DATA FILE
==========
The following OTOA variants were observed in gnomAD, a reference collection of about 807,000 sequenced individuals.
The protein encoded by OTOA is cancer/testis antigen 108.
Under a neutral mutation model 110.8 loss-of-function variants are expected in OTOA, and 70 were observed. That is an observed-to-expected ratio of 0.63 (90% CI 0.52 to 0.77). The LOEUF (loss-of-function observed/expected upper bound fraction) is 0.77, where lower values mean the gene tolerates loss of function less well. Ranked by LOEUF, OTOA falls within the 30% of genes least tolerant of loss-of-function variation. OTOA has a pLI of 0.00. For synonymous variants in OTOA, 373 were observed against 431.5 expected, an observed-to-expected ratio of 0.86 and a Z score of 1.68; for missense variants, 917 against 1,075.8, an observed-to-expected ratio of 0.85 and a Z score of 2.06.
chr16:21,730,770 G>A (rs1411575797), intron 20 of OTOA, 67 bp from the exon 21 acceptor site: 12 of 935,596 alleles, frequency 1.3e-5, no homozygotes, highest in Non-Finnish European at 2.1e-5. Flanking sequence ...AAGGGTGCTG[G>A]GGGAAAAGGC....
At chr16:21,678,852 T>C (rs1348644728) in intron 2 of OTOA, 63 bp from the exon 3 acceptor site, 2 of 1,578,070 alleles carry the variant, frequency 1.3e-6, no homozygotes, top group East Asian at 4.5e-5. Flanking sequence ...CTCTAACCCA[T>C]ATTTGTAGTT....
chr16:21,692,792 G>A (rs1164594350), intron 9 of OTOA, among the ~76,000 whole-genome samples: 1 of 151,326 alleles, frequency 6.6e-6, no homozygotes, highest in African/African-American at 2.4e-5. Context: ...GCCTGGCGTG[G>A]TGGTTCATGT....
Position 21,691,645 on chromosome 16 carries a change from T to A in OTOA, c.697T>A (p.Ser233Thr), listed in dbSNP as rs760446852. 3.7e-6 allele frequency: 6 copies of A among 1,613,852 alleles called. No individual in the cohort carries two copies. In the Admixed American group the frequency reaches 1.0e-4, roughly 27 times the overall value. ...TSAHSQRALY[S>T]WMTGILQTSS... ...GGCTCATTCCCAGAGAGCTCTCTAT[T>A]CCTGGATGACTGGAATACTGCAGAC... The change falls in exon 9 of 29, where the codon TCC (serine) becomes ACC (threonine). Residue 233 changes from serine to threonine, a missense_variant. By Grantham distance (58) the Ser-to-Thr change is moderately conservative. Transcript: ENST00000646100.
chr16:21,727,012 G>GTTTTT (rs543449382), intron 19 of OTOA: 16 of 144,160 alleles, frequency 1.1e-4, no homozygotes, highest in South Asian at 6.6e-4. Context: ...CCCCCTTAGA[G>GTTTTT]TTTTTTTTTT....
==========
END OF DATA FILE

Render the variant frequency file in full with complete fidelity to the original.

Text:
The following OTOA variants were observed in gnomAD, a reference collection of about 807,000 sequenced individuals.
The protein encoded by OTOA is cancer/testis antigen 108.
Under a neutral mutation model 110.8 loss-of-function variants are expected in OTOA, and 70 were observed. That is an observed-to-expected ratio of 0.63 (90% CI 0.52 to 0.77). The LOEUF (loss-of-function observed/expected upper bound fraction) is 0.77, where lower values mean the gene tolerates loss of function less well. Ranked by LOEUF, OTOA falls within the 30% of genes least tolerant of loss-of-function variation. OTOA has a pLI of 0.00. For synonymous variants in OTOA, 373 were observed against 431.5 expected, an observed-to-expected ratio of 0.86 and a Z score of 1.68; for missense variants, 917 against 1,075.8, an observed-to-expected ratio of 0.85 and a Z score of 2.06.
chr16:21,730,770 G>A (rs1411575797), intron 20 of OTOA, 67 bp from the exon 21 acceptor site: 12 of 935,596 alleles, frequency 1.3e-5, no homozygotes, highest in Non-Finnish European at 2.1e-5. Flanking sequence ...AAGGGTGCTG[G>A]GGGAAAAGGC....
At chr16:21,678,852 T>C (rs1348644728) in intron 2 of OTOA, 63 bp from the exon 3 acceptor site, 2 of 1,578,070 alleles carry the variant, frequency 1.3e-6, no homozygotes, top group East Asian at 4.5e-5. Flanking sequence ...CTCTAACCCA[T>C]ATTTGTAGTT....
chr16:21,692,792 G>A (rs1164594350), intron 9 of OTOA, among the ~76,000 whole-genome samples: 1 of 151,326 alleles, frequency 6.6e-6, no homozygotes, highest in African/African-American at 2.4e-5. Context: ...GCCTGGCGTG[G>A]TGGTTCATGT....
Position 21,691,645 on chromosome 16 carries a change from T to A in OTOA, c.697T>A (p.Ser233Thr), listed in dbSNP as rs760446852. 3.7e-6 allele frequency: 6 copies of A among 1,613,852 alleles called. No individual in the cohort carries two copies. In the Admixed American group the frequency reaches 1.0e-4, roughly 27 times the overall value. ...TSAHSQRALY[S>T]WMTGILQTSS... ...GGCTCATTCCCAGAGAGCTCTCTAT[T>A]CCTGGATGACTGGAATACTGCAGAC... The change falls in exon 9 of 29, where the codon TCC (serine) becomes ACC (threonine). Residue 233 changes from serine to threonine, a missense_variant. By Grantham distance (58) the Ser-to-Thr change is moderately conservative. Transcript: ENST00000646100.
chr16:21,727,012 G>GTTTTT (rs543449382), intron 19 of OTOA: 16 of 144,160 alleles, frequency 1.1e-4, no homozygotes, highest in South Asian at 6.6e-4. Context: ...CCCCCTTAGA[G>GTTTTT]TTTTTTTTTT....